1. Snowstorm Test:
    • Ask yourself if this person is required to show up at the office during a severe snowstorm, lasting multiple days.
    Example: In a large Health System where I worked, doctors and nurses were essential, with plans in place for emergencies. Meanwhile, in HR, I wasn’t on the list for a 4-wheel drive SUV pickup.
  2. Self-Promotion Check:
    • Consider if the person spends a lot of time trying to convince you of their importance to your operation.
    Examples: Statements like “Our biggest client wouldn’t be here without me” or “Our department saved the organization $500K last year on a $3.7M budget.”

Looking at how organizations evolve, it’s interesting to note that in the beginning, only essential employees are truly needed – those involved in getting materials, making products, selling them, and handling finances. Support functions like HR and Marketing often come later, usually after the company grows beyond 100 employees.

Regularly reassessing who holds essential roles within your organization is important. As a “client” to these vital contributors, focus on tasks that support their efforts. This means having direct conversations, asking, “How can I help you do your job better?” It’s simple but often overlooked.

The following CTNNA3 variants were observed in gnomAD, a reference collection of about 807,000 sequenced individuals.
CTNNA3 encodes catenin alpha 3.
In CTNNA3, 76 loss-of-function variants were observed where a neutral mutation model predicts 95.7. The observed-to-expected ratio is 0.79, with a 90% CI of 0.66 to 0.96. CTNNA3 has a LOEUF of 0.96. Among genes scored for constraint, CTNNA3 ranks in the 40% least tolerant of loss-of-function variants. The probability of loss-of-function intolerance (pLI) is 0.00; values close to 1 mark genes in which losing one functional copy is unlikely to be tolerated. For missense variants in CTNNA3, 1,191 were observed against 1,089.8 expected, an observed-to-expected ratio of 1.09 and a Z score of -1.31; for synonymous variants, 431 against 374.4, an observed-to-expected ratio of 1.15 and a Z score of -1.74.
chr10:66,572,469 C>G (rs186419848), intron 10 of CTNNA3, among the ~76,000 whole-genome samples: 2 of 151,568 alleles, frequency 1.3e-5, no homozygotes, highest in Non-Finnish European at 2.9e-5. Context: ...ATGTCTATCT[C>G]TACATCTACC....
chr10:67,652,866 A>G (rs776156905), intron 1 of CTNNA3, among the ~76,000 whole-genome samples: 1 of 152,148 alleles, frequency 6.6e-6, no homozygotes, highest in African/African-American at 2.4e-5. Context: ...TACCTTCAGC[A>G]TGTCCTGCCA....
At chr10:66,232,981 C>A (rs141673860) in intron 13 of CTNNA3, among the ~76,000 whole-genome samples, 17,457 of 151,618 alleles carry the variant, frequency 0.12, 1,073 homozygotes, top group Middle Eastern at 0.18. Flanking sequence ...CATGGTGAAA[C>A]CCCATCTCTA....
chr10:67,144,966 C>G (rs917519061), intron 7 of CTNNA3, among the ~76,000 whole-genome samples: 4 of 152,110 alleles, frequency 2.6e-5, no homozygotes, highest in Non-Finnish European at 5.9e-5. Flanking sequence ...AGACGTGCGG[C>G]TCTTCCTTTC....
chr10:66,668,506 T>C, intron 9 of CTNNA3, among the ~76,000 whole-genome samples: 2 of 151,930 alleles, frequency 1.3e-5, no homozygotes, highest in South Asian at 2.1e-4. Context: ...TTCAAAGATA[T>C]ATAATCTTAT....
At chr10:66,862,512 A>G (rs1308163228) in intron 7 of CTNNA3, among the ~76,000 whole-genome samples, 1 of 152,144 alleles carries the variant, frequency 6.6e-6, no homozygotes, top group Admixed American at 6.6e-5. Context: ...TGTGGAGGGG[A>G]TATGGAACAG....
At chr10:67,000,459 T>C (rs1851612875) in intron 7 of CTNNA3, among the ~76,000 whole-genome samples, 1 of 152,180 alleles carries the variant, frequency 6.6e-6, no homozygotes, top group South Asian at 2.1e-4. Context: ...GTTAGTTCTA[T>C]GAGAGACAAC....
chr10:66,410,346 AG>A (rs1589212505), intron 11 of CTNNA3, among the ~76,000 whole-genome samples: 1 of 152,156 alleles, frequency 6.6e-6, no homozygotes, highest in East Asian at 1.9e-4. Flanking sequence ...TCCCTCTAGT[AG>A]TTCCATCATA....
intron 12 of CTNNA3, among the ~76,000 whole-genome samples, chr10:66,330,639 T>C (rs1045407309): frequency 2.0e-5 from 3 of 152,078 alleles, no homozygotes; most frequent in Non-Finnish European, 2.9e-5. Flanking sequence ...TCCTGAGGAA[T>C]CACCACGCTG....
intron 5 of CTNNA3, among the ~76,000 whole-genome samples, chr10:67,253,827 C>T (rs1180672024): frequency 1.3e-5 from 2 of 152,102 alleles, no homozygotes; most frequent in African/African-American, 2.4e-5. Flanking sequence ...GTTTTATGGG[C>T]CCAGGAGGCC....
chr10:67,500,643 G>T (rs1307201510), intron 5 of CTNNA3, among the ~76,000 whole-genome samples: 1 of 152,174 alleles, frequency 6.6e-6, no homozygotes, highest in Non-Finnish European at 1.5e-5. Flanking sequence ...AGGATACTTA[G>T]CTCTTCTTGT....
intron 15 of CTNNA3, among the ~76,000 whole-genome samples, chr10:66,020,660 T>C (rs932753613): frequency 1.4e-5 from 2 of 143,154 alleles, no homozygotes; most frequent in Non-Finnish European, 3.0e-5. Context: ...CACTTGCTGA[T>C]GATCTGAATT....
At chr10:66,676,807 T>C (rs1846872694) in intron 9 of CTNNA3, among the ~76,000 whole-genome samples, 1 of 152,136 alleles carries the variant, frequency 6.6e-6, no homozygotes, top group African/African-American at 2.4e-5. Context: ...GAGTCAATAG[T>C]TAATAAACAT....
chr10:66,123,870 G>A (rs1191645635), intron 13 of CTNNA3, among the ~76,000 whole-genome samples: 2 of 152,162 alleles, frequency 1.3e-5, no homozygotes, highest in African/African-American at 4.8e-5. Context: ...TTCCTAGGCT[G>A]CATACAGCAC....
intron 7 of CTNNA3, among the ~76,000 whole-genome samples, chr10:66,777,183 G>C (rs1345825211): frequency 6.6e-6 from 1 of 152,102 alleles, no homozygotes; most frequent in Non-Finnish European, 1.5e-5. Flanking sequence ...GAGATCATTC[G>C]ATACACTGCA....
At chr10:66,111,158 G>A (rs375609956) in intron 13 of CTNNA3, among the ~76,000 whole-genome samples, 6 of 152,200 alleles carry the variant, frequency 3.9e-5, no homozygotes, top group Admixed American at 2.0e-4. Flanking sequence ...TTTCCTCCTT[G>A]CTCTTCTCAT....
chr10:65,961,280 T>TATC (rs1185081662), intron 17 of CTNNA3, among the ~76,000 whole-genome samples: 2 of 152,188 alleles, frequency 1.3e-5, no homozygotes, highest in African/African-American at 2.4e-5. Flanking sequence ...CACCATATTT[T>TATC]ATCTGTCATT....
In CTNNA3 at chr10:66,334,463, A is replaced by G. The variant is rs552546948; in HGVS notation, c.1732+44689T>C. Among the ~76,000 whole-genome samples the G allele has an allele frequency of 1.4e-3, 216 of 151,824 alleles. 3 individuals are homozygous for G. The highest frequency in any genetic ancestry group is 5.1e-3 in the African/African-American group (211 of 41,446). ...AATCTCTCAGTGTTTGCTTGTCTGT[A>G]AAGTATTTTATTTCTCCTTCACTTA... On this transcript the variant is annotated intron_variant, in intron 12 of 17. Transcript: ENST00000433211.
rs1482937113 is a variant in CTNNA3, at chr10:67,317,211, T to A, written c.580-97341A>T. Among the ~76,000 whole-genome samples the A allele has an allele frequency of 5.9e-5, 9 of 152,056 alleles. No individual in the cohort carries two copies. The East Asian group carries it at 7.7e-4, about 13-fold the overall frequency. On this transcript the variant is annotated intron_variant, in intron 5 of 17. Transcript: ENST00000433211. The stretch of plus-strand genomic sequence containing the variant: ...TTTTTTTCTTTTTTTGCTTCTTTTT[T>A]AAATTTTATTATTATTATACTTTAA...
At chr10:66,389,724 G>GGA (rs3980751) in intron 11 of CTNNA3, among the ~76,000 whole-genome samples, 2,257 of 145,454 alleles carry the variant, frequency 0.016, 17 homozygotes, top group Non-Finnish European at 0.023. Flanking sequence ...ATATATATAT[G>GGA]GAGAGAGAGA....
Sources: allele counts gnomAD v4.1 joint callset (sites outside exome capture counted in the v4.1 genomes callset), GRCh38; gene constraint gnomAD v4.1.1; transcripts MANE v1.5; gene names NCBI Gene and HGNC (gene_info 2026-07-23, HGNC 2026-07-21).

Think of organizations like picking teams on a playground. If your most essential employee were choosing a team, where would you stand – first, tenth, or last? It’s worth thinking about where you fit in.

Consistency Matters More Than You Think


Ever wonder what your workplace really wants from you? I’ve spoken to this before.. It’s not about being a superstar, an A-lister, full of energy, or cracking the Top 10%.

The real deal is being consistent—not shining all the time or totally sucking. Just meet expectations. Every day, every week, every year. Dependable and consistent.

But let’s be real, we don’t appreciate consistency enough. We feel the need to be more than just consistent, like it’s some kind of new low.

We’re all about being ‘world-class,’ creating ‘best practices,’ and leading the industry. Sounds cool, but it makes being consistent seem like a bad thing. Truth is, if everyone in our crew kept it consistent, we’d crush the competition.

So, why aren’t we owning the game? Because being consistent is tough. That’s why we chase after rock stars. We need them to make up for the not-so-great ones. Getting everyone to meet expectations is like herding cats.

Next time you’re with an employee who’s just ‘meeting expectations,’ give them a pat on the back. Thank them for doing their thing every day. Imagine if everyone else followed suit—boom, greatness!

You don’t need over-the-top performance to win. Just get everyone to do what they’re supposed to do. Consistency—let’s slap that on a poster and call it a day: “Just do what you’re supposed to do!”